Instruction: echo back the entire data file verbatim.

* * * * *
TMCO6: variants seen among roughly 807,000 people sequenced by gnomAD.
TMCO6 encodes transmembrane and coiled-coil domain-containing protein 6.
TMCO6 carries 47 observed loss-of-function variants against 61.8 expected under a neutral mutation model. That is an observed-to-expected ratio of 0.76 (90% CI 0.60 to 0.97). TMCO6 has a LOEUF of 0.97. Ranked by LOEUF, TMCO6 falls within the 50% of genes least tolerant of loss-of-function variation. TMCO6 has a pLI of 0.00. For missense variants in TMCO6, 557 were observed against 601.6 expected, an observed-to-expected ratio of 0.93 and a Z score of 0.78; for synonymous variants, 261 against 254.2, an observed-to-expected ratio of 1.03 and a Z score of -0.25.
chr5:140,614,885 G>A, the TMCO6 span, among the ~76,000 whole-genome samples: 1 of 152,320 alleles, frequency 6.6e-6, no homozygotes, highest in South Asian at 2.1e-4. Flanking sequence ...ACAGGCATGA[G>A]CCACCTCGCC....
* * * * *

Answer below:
TMCO6: variants seen among roughly 807,000 people sequenced by gnomAD.
TMCO6 encodes transmembrane and coiled-coil domain-containing protein 6.
TMCO6 carries 47 observed loss-of-function variants against 61.8 expected under a neutral mutation model. That is an observed-to-expected ratio of 0.76 (90% CI 0.60 to 0.97). TMCO6 has a LOEUF of 0.97. Ranked by LOEUF, TMCO6 falls within the 50% of genes least tolerant of loss-of-function variation. TMCO6 has a pLI of 0.00. For missense variants in TMCO6, 557 were observed against 601.6 expected, an observed-to-expected ratio of 0.93 and a Z score of 0.78; for synonymous variants, 261 against 254.2, an observed-to-expected ratio of 1.03 and a Z score of -0.25.
chr5:140,614,885 G>A, the TMCO6 span, among the ~76,000 whole-genome samples: 1 of 152,320 alleles, frequency 6.6e-6, no homozygotes, highest in South Asian at 2.1e-4. Flanking sequence ...ACAGGCATGA[G>A]CCACCTCGCC....